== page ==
By Haydn Evans ‑ April 26, 2017
As technology continues to impact every industry – innovation is the key consideration for companies to ensure future growth and development. On World IP Day we take a closer look at some of the technologies that are fundamentally changing the shape of the future: from space travel to 3D printing and artificial intelligence.
Out of this world
We recently published an Innovation Intelligence report that investigated how manned space flight is a new frontier for innovation. Less than 600 people have left planet Earth since Yuri Gagarin made his historic first orbits in 1961. Yet a whole new industry is emerging around commercial spaceflight. Its mission is to make access to space cheaper, safer and more common.
The US Government has approved Moon Express - a Mountain View start up - to fly passengers to the Moon on commercial space flights. The company plans to test its MX-1 lunar lander on a Rocket Lab Electron booster in 2017, before embarking on its first manned mission.
3D printing – the next revolution in medicine
Innovation in manned space flight is set to revolutionise space travel. Closer to home, innovation in the medical sector has the potential to dramatically change the provision of healthcare. 3D printing technology has already been developed within the medical field to improve people’s lives.
Organovo is using 3D printing technology to create functional, three-dimensional tissues that can be implanted into the human body to repair or replace damaged or diseased tissues (US 9,149,952). Medical engineers in Germany have been developing skin cell bio-printing since 2010, and researcher James Yoo from Wake Forest Institute is developing skin graft printing that can be applied directly to burns victims (US 8,691,274). While tissue and of organ cells are being printed to improve human wellbeing, diseased and cancerous cells are also being created to more effectively study how tumours grow and develop. This research will help deliver better healthcare to sufferers of chronic illnesses in the future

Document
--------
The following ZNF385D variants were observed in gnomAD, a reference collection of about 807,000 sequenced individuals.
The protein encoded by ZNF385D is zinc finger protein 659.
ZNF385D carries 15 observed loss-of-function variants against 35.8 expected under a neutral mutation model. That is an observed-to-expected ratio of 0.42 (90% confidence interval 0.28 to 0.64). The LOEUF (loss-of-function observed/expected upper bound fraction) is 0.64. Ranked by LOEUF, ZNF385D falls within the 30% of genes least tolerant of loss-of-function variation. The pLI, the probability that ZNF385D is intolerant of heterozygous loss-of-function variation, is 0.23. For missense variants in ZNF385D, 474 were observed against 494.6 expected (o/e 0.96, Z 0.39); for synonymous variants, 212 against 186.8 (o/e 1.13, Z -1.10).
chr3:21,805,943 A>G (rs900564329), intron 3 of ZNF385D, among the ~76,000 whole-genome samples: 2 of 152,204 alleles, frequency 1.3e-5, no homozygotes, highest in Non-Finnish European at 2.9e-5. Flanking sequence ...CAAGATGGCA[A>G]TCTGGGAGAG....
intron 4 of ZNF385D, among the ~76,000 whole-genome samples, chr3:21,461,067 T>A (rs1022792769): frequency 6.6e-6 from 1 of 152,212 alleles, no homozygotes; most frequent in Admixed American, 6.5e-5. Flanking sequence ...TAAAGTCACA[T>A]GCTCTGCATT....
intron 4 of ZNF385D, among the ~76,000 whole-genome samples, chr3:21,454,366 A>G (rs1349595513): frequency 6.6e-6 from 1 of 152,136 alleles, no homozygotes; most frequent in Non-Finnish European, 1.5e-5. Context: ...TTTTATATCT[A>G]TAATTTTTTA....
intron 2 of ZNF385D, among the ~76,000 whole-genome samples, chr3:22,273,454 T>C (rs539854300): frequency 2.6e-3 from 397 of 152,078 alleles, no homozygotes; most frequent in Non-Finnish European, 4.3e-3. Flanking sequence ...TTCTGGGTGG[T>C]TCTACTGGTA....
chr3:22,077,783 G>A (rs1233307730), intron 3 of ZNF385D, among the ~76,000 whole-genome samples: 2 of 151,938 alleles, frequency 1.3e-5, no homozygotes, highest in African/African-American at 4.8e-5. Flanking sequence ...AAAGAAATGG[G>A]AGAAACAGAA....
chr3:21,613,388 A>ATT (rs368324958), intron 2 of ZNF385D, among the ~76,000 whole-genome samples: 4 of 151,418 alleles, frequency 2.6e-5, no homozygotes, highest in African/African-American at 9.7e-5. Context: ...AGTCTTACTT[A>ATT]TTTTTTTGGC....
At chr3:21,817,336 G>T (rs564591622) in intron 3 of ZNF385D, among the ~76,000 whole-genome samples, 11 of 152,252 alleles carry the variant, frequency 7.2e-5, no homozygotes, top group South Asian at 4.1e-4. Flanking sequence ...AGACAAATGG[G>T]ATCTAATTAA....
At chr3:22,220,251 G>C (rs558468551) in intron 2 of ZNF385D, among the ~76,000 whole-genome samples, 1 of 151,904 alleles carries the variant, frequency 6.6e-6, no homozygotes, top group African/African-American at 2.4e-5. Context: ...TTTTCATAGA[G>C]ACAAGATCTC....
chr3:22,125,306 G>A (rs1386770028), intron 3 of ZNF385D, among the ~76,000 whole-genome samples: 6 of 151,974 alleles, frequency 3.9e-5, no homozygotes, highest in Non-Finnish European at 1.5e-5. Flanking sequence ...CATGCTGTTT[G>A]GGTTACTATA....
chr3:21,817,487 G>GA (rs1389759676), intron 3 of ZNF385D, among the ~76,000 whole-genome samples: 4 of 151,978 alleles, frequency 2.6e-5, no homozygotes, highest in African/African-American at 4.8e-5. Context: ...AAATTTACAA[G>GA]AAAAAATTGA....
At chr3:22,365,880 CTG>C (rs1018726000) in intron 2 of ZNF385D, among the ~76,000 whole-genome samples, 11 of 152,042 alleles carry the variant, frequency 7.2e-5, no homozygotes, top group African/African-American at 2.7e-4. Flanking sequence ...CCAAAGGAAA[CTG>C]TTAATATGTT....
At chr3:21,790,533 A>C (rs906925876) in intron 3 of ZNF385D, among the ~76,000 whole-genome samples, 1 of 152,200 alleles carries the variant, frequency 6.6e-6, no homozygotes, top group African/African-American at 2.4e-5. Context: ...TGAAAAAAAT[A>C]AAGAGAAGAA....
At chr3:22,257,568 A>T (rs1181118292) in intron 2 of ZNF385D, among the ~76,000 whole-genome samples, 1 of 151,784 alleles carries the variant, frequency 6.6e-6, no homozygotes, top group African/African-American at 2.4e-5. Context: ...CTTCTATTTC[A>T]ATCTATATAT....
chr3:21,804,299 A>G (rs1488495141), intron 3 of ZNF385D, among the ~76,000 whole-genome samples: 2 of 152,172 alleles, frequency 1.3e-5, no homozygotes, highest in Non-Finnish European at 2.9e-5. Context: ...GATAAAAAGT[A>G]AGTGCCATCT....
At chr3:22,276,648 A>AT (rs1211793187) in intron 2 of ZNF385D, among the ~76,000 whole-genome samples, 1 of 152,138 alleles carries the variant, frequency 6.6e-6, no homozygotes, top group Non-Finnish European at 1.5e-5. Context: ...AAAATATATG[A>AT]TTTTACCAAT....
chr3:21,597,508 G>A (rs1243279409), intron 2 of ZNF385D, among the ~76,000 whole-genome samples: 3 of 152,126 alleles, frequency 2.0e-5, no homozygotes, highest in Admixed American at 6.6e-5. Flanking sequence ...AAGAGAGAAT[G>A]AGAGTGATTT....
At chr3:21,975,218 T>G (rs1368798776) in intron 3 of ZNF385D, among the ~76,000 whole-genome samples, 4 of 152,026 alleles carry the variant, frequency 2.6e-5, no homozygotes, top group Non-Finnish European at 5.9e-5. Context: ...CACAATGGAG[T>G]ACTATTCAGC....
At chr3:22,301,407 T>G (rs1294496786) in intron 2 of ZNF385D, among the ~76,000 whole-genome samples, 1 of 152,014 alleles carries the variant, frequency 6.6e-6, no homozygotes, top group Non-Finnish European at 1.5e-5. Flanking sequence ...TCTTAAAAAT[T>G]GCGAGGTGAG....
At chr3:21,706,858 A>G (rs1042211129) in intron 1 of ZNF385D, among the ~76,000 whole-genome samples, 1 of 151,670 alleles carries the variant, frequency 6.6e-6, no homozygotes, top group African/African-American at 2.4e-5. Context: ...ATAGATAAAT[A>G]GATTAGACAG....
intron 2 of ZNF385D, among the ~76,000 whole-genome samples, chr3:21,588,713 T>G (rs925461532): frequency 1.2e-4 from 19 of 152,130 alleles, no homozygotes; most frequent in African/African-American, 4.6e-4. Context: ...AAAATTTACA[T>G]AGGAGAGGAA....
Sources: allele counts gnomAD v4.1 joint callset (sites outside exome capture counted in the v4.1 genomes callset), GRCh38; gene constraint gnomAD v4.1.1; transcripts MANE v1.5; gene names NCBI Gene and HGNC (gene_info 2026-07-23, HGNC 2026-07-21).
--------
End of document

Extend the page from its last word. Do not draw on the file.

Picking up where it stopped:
According to research from Markets and Markets, 3D printing for medical applications could have a market value of $2.13 billion by 2020.
The machine effect
According to a recent survey of 122 founders, executives and investors in health-tech companies by Silicon Valley Bank, big data and artificial intelligence will have a significant effect on the industry in the year ahead.
Whole-genome sequencing, high-resolution imaging technologies and automation have triggered an increase in data production. The new data – including physiological, behavioural, molecular, clinical, environmental exposure, medical imaging, disease management, medication prescription history, nutrition and exercise parameters – can be used to track the health of individuals and populations in in more detail than ever before.
Just yesterday British firm Babylon announced a £50 million investment in a smartphone app that uses machine learning to diagnose patients. Could the future of doctors’ appointments be via the smartphone?
What comes next?
Innovation is no longer reserved for organisations looking to gain a competitive edge in an industry, it is now motivated by people and the desire to impact lives. With technological implementations already improving health monitoring, education, travel and communication – among many others sectors – innovation has no boundaries. Should all industries embrace idea generation, the future of IP will be both wide-ranging and rewarding.
Read more in our CEO’s new whitepaper: The Innovation Imperative.
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